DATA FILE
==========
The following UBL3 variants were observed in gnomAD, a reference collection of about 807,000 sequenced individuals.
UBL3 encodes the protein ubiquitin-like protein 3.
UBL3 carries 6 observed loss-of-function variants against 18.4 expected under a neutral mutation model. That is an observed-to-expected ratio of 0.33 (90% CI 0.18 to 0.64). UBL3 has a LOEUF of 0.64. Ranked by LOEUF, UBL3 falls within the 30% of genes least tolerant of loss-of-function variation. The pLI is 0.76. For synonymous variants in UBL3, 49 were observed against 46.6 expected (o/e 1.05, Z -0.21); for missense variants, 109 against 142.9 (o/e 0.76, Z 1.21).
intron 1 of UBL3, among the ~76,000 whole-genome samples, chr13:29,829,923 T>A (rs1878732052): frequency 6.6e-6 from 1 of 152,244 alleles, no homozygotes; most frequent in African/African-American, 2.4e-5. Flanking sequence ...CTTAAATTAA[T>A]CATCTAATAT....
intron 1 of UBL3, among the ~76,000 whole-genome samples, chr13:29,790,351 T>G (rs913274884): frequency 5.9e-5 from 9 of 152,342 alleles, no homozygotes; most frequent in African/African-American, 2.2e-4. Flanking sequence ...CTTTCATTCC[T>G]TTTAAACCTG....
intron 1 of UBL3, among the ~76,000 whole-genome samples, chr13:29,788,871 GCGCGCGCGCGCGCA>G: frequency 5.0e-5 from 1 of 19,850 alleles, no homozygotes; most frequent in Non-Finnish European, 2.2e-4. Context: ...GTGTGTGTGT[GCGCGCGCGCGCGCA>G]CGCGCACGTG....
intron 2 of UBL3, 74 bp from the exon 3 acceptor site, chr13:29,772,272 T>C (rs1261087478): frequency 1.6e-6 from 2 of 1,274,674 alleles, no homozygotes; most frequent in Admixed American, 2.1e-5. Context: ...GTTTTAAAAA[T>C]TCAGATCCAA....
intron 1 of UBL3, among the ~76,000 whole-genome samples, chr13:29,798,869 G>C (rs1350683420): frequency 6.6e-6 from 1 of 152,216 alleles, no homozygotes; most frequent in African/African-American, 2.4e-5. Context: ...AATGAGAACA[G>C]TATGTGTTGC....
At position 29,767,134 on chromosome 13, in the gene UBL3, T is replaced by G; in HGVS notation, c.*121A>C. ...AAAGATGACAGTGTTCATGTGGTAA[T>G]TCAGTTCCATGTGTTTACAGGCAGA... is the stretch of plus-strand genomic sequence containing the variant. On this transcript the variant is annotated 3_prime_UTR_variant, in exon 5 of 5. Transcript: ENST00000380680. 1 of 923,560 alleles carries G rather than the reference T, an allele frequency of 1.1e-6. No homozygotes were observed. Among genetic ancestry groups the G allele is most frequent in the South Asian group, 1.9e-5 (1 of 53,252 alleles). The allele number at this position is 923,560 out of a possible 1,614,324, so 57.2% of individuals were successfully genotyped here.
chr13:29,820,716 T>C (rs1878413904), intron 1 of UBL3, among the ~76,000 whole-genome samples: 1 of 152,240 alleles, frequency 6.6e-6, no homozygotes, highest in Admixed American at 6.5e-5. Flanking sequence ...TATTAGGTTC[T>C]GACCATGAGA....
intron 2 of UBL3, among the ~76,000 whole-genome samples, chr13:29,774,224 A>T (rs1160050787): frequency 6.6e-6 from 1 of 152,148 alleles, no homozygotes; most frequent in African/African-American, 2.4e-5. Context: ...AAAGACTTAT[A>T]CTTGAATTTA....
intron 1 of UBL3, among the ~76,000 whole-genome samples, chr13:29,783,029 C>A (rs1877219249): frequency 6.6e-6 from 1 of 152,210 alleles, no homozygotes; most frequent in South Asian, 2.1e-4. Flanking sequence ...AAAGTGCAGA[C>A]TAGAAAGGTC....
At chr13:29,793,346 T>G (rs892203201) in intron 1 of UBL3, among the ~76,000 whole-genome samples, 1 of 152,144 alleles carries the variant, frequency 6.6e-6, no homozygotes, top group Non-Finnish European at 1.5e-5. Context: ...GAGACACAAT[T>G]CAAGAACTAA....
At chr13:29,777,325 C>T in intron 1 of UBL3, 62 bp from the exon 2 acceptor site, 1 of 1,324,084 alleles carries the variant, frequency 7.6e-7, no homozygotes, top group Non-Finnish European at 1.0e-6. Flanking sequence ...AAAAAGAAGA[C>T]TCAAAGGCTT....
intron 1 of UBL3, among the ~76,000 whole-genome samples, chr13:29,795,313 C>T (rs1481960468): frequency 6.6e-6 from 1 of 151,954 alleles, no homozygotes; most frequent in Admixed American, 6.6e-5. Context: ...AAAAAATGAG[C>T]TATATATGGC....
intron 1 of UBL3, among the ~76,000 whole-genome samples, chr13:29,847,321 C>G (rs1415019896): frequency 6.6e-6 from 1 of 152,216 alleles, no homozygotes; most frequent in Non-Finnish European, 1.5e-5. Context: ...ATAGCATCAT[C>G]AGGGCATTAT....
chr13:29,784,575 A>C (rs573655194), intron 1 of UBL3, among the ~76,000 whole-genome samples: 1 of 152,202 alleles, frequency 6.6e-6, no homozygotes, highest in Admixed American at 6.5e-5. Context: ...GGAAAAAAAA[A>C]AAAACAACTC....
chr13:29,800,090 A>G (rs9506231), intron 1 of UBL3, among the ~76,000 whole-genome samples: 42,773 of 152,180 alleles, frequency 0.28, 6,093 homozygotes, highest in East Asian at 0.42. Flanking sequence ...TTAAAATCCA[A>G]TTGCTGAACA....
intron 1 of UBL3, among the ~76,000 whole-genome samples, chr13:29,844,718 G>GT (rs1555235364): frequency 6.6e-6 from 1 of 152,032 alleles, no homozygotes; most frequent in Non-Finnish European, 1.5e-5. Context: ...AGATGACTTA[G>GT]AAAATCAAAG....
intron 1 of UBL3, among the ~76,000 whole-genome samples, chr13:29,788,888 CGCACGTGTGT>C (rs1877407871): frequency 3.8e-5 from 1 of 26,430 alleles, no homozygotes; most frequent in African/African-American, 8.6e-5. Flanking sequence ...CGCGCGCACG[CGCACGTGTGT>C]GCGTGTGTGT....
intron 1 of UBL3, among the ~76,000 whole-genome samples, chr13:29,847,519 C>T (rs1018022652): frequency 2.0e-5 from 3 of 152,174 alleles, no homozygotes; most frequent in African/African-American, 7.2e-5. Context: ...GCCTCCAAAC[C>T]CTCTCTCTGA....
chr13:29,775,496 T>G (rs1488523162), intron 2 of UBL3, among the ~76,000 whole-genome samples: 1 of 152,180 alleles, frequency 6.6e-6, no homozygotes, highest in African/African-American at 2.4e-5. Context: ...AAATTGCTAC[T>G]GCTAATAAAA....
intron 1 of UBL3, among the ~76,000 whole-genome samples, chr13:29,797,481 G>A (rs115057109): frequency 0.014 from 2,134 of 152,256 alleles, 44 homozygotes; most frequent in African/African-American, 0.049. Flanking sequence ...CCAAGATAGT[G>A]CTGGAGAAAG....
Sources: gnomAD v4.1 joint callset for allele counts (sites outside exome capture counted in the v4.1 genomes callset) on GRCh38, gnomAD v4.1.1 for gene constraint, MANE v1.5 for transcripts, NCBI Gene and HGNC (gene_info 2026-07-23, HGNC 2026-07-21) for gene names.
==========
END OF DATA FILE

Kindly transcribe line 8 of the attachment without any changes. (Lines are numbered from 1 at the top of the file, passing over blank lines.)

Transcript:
intron 1 of UBL3, among the ~76,000 whole-genome samples, chr13:29,798,869 G>C (rs1350683420): frequency 6.6e-6 from 1 of 152,216 alleles, no homozygotes; most frequent in African/African-American, 2.4e-5. Context: ...AATGAGAACA[G>C]TATGTGTTGC....